Office 365 Groups are a critical element of any Microsoft cloud environment. But what is an Office 365 group? What is the difference between a group and a team? How are groups created and what are the best strategies for managing them? We will try to answer all these questions in the article.

Office 365 Groups

To understand Office 365 groups, it's helpful to first look at the purpose of groups. Even before the advent of the cloud, there were two types of groups in Active Directory:

  • Security groups, which help protect items such as file shares and SharePoint lists. By making a user a member of a security group, you grant that user all the permissions assigned to that group, such as the ability to read or edit certain files or run certain applications. Active Directory includes several built-in security groups, such as Company Admins and Domain Admins, but you can also create your own.
  • Distribution groups, which give people a convenient way to send email to a set set of recipients, such as everyone in a company or just the marketing department, without having to enter each individual email address each time.

When the Microsoft cloud was created, there was still a need for this functionality, so Azure Active Directory also has both security groups and distribution groups. But Microsoft also introduced a new type of group: an Office 365 group, which was renamed Microsoft 365 Group. Both of these names are now used.

What is an Office 365 group?

At its core, an Office 365 group is an object in Azure Active Directory. What makes it special is its versatility: it can protect items like a security group does, and it can function as a distribution list like a distribution group does, and it can also act as a data store for SharePoint, shared mailboxes, and Microsoft Teams .

For example, as you probably know, Microsoft Teams is a platform that provides a collaborative workspace with features such as chat, meetings, and notes. What you may not know is that when you create a team, the Teams app automatically creates a Microsoft 365 group for you behind the scenes and populates that group with all team members. Team membership allows team members to access team SharePoint content, participate in team chats, receive team emails, and more.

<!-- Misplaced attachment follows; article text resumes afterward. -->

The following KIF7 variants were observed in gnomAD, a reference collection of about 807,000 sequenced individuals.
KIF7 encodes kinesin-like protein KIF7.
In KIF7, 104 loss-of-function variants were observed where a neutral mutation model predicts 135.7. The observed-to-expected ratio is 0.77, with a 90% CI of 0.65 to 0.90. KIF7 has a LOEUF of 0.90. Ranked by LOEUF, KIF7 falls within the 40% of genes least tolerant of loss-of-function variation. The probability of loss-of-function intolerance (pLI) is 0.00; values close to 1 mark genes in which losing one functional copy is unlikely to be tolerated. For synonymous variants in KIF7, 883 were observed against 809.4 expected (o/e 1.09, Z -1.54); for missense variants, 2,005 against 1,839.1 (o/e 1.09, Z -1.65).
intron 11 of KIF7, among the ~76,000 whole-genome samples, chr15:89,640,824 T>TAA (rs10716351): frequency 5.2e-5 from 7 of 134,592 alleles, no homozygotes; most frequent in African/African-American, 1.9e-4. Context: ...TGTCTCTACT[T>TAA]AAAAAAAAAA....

How do I create an Office 365 group and add members to it?

Some Microsoft 365 groups are automatically created by Microsoft Teams. Other apps also create groups; for example, a new group is created whenever someone creates any of the following:

  • New SharePoint site collection
  • New Group in Outlook
  • New plan in Planner
  • New Power BI workspace

In these cases, you don't manage or use the Microsoft 365 group directly; instead, the app uses the group on your behalf, as shown in the Teams example above.

Other Microsoft 365 groups are created directly by users and administrators. By default, any employee in an organization can create up to 250 such groups. End users typically use Outlook or Outlook Mobile. For example, in Outlook 2016, you simply select Home > New Group and then provide a name, description, and other requested information. Once you create a group, you can add members to it.

Administrators can use the Office 365 admin center and the Exchange admin center to create and populate groups. Alternatively, they can use PowerShell, which provides certain additional options not available in admin portals.

What types of members can there be in a group?

Group members can have any of the following roles:

Owner — by default, the owner of the group is the person who created the group. But other users can be added as additional (or replacement) owners; in fact, a group can have up to 100 group owners. Here are some actions that group owners can take:

  • Add and remove members and guests
  • Promote team members to owner roles
  • Rename group